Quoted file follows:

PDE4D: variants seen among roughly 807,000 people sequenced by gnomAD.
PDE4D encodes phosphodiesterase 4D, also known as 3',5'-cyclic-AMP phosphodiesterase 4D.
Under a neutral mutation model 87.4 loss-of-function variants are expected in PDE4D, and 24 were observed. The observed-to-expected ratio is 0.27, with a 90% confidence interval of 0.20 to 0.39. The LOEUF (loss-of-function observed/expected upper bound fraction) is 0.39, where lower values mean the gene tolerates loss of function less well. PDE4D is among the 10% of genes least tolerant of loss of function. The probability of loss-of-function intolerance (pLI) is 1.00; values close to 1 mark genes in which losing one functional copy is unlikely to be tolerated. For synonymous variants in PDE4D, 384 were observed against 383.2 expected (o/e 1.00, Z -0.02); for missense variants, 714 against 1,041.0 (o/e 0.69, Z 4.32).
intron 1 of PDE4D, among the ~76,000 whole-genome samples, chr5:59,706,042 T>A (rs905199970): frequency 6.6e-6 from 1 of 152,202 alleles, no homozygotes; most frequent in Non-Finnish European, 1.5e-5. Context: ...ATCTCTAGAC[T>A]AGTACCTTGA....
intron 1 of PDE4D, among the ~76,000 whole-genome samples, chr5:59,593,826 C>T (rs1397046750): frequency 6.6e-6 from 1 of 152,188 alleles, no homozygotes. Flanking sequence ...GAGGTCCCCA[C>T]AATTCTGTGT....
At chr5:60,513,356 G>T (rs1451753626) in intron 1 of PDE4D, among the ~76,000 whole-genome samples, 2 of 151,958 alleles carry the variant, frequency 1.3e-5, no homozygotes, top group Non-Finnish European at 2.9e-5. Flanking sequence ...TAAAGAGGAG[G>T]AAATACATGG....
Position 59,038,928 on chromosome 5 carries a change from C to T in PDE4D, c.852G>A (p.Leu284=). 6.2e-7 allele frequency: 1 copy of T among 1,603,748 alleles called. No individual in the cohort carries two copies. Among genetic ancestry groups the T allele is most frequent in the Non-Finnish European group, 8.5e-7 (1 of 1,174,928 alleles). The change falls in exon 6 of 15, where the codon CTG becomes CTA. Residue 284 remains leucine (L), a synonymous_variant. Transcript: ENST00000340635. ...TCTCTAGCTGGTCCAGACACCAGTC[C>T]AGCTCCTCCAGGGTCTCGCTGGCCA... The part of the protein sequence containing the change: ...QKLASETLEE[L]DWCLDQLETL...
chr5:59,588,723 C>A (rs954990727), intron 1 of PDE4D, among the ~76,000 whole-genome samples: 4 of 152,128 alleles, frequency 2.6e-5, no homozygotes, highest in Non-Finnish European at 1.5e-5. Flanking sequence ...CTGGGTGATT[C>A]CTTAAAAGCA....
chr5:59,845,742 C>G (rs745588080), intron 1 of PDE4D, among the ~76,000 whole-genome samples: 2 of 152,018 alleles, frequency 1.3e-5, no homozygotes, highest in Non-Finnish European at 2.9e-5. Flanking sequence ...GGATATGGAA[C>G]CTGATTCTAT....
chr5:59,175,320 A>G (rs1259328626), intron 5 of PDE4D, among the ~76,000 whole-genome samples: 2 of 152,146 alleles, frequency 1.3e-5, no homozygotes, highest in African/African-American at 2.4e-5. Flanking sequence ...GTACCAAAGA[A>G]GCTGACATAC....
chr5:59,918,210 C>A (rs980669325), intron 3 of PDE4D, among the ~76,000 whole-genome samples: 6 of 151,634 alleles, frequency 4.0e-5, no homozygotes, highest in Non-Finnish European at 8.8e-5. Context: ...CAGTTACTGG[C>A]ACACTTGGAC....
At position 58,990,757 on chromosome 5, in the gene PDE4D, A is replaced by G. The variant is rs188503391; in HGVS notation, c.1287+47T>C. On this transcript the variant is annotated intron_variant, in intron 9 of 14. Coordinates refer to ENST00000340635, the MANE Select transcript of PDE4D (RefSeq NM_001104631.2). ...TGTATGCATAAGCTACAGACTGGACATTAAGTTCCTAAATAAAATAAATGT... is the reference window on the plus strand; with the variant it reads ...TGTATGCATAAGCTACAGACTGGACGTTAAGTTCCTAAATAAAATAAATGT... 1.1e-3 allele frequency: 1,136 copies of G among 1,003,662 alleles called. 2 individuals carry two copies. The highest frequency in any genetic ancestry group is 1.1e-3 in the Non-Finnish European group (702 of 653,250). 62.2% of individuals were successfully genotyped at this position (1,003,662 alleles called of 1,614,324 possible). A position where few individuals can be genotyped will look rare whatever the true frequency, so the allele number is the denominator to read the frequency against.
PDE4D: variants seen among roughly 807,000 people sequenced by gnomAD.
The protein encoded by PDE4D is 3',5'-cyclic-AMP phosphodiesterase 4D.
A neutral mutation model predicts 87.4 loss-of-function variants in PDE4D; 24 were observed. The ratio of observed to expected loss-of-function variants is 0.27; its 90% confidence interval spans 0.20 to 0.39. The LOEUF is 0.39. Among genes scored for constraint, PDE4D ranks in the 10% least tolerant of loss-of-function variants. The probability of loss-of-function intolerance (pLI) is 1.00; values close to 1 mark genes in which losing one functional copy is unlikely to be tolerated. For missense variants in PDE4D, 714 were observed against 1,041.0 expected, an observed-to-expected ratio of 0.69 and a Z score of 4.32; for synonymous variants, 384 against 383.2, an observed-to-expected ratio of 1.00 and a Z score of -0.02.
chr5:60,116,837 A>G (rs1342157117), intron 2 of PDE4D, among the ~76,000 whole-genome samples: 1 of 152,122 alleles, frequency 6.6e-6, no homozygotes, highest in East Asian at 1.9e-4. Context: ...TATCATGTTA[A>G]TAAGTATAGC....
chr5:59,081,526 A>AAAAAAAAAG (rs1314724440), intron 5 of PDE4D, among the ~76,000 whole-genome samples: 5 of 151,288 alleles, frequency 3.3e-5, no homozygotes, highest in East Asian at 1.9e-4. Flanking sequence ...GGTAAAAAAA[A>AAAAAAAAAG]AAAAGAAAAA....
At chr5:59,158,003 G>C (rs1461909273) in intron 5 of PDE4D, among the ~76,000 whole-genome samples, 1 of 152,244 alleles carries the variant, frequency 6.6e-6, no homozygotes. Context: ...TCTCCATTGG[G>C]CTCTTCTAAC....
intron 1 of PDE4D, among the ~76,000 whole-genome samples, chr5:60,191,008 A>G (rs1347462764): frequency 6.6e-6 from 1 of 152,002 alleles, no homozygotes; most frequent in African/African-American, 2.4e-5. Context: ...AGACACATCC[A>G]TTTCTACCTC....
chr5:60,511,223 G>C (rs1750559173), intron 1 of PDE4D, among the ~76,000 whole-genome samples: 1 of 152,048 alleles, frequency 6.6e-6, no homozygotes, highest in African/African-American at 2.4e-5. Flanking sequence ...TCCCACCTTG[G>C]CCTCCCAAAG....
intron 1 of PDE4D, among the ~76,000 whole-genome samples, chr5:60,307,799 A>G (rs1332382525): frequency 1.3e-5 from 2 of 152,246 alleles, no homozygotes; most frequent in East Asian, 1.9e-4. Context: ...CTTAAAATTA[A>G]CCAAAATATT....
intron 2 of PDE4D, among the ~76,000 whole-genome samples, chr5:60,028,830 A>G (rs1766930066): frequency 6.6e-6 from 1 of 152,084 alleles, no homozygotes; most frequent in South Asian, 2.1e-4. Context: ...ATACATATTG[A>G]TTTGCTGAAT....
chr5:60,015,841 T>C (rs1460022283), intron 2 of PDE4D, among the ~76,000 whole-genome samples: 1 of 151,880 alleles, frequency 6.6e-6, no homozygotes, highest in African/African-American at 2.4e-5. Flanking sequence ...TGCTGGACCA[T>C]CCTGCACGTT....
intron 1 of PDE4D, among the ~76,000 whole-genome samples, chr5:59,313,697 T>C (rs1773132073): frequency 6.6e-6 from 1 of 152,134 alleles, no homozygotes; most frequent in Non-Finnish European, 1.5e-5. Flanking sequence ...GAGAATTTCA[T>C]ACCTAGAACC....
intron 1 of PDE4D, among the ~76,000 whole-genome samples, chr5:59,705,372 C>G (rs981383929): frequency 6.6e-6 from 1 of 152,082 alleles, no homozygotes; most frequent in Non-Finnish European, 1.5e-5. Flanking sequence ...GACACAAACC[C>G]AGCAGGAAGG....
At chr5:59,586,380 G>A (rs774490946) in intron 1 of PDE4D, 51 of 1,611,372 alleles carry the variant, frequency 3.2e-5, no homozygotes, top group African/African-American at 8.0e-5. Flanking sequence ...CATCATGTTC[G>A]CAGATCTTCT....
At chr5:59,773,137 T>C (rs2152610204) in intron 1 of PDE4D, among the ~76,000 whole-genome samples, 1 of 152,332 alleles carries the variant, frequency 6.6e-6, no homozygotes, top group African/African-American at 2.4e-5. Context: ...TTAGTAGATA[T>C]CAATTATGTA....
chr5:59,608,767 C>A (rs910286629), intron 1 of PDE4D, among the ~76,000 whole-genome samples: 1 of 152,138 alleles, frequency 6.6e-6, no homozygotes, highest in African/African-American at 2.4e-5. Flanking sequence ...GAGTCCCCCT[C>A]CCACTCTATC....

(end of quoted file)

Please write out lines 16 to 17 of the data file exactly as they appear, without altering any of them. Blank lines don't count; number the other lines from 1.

chr5:60,116,837 A>G (rs1342157117), intron 2 of PDE4D, among the ~76,000 whole-genome samples: 1 of 152,122 alleles, frequency 6.6e-6, no homozygotes, highest in East Asian at 1.9e-4. Context: ...TATCATGTTA[A>G]TAAGTATAGC....
chr5:59,081,526 A>AAAAAAAAAG (rs1314724440), intron 5 of PDE4D, among the ~76,000 whole-genome samples: 5 of 151,288 alleles, frequency 3.3e-5, no homozygotes, highest in East Asian at 1.9e-4. Flanking sequence ...GGTAAAAAAA[A>AAAAAAAAAG]AAAAGAAAAA....